It is a very common mistake to confuse the rays on a ray diagram with pencil-beams of light. They are not little pencil-beams; rather, they indicate the direction of travel of plane wavefronts.
When we treat interference effects such as from a grating or by reflection from a crystal, we are considering a given plane wave incident on the crystal from a given direction. Each wavefront is a plane orthogonal to the ray and extended 'sideways' from the ray, in principle out to infinite distance. So this means that two parallel rays separated from one another represent two plane waves that fully overlap.
The ray diagram is useful because the rays in fact track two important pieces of information:
- the direction of the ray indicates the direction in which a plane wave is travelling (already mentioned)
- the path along the ray indicates one path along which that plane wave accumulates phase as it goes.
The second piece of information is what we need in order to calculate the relative phase between the two overlapping plane waves at the 'output' side of the interferometer. Each wave picks up the total phase according to the path traveled by some given point on the wavefront. A wavefront is, by definition, a locus of places which all have the same phase.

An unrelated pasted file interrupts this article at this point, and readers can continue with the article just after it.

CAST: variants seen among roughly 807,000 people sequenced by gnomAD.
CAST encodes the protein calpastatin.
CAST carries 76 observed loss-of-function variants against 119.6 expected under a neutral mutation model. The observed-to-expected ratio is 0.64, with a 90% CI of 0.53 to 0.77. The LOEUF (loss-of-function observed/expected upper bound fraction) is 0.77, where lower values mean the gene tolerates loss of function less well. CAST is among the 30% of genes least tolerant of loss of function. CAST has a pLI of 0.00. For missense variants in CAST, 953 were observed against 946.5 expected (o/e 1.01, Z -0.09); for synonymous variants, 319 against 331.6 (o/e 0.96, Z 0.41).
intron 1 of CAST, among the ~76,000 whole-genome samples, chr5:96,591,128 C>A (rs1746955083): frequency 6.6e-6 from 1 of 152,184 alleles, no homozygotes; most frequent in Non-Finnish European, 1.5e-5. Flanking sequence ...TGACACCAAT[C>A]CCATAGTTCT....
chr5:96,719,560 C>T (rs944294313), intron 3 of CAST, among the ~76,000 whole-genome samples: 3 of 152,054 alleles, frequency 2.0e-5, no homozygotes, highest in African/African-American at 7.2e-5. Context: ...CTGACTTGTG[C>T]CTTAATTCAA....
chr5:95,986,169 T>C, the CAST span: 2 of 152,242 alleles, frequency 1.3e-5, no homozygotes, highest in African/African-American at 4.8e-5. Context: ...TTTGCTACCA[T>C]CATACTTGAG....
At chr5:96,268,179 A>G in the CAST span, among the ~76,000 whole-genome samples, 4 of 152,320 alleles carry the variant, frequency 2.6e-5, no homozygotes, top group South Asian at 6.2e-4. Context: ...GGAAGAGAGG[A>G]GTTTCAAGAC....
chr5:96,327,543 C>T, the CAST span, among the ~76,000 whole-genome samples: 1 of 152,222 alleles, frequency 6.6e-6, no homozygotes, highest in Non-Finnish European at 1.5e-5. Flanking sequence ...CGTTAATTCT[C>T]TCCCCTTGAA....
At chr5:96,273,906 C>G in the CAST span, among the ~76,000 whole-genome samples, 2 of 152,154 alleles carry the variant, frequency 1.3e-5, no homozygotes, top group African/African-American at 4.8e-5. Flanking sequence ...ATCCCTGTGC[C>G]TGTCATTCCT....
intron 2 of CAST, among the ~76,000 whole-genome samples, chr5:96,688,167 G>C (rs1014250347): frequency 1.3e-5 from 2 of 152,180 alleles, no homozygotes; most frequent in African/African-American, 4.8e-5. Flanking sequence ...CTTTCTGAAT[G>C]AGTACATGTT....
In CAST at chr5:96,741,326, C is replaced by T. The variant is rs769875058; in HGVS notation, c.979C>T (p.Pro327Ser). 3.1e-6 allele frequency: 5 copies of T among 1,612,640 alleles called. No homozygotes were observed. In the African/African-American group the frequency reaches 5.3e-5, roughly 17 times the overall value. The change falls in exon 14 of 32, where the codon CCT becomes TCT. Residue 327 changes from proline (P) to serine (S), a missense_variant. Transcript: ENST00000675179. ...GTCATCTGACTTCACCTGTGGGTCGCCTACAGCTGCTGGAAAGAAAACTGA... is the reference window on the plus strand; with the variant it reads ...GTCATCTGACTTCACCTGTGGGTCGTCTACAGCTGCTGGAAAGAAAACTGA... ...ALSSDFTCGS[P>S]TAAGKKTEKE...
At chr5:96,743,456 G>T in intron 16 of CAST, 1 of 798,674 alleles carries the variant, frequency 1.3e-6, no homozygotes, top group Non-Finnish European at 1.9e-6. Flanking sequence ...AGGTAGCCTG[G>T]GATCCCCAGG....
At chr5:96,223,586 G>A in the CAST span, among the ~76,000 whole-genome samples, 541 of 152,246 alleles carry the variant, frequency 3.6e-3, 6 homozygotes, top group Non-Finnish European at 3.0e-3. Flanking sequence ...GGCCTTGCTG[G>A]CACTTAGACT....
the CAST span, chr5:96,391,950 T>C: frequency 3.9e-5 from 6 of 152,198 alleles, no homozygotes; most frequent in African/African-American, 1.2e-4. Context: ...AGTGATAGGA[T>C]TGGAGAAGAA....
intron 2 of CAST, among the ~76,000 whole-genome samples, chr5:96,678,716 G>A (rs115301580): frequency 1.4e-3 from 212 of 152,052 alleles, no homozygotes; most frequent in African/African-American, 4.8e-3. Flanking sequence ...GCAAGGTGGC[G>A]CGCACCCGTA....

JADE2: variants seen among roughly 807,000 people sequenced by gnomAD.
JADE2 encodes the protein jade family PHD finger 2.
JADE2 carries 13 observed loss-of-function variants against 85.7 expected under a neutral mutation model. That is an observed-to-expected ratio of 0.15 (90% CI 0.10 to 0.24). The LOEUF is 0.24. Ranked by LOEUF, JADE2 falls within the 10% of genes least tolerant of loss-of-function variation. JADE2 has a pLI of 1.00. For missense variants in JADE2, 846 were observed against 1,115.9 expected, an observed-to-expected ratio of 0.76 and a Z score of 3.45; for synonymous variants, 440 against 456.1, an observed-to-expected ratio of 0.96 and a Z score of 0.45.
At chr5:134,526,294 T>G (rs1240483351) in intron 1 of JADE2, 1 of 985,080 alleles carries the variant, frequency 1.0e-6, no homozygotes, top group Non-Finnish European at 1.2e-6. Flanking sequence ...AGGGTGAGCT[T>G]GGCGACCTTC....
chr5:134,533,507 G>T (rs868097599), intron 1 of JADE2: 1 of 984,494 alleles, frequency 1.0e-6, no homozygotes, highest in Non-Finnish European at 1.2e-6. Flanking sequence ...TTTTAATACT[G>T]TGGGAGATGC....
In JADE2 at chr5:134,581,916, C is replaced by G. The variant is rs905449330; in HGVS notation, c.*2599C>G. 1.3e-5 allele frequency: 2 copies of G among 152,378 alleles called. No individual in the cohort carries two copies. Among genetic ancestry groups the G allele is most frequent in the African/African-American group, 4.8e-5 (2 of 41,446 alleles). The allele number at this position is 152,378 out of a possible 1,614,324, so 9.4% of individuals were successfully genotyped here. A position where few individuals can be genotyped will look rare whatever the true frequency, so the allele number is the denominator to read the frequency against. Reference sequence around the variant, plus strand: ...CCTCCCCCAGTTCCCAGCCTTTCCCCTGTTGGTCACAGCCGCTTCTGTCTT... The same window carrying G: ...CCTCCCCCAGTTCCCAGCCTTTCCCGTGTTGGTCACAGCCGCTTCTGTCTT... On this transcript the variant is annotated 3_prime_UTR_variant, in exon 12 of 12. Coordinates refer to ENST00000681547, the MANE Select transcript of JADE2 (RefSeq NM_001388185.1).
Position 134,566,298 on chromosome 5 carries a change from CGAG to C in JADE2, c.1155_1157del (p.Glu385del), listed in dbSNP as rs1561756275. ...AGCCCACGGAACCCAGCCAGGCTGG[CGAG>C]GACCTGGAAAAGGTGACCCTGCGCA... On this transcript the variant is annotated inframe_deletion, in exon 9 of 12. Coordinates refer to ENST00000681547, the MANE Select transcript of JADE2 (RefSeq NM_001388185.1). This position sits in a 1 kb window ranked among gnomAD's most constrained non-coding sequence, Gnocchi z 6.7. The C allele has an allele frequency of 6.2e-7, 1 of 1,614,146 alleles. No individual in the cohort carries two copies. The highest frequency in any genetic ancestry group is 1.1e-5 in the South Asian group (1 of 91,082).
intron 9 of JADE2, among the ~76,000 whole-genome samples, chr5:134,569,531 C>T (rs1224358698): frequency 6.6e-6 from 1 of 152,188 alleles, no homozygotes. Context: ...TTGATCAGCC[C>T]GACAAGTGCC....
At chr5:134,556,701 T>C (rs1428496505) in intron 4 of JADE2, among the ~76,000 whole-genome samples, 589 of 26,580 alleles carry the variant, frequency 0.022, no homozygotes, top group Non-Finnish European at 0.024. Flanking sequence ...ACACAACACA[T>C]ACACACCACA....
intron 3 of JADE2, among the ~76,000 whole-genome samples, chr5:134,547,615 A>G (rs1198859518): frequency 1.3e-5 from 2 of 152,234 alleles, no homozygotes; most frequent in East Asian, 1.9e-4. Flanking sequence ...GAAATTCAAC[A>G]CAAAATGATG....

To summarise: whenever you see a ray diagram used for interference calculations, draw some wavefronts onto the diagram if they have not been indicated. Either draw them neatly onto your book/lecture note, or just do it in your mind's eye, and keep in mind that these wavefronts are filling the space of the diagram.
In order to detect the interference effect, it is common practice either to place an output lens or mirror so as to focus the plane waves onto a detector, or else (e.g. for X rays) put the detector far enough away so that approximately plane waves (of finite spatial width) arrive at different places on the detector. This further information is not needed in order to calculate the interference effect, but sometimes people like to image the rays being not quite parallel and thus meeting on a detector a long way away. I would say that picture does not help with an interference calculation for things like a grating or a crystal which have a wide aperture. It is clearer, I think, to let the output rays be exactly parallel and understand that they are telling you about overlapping plane waves.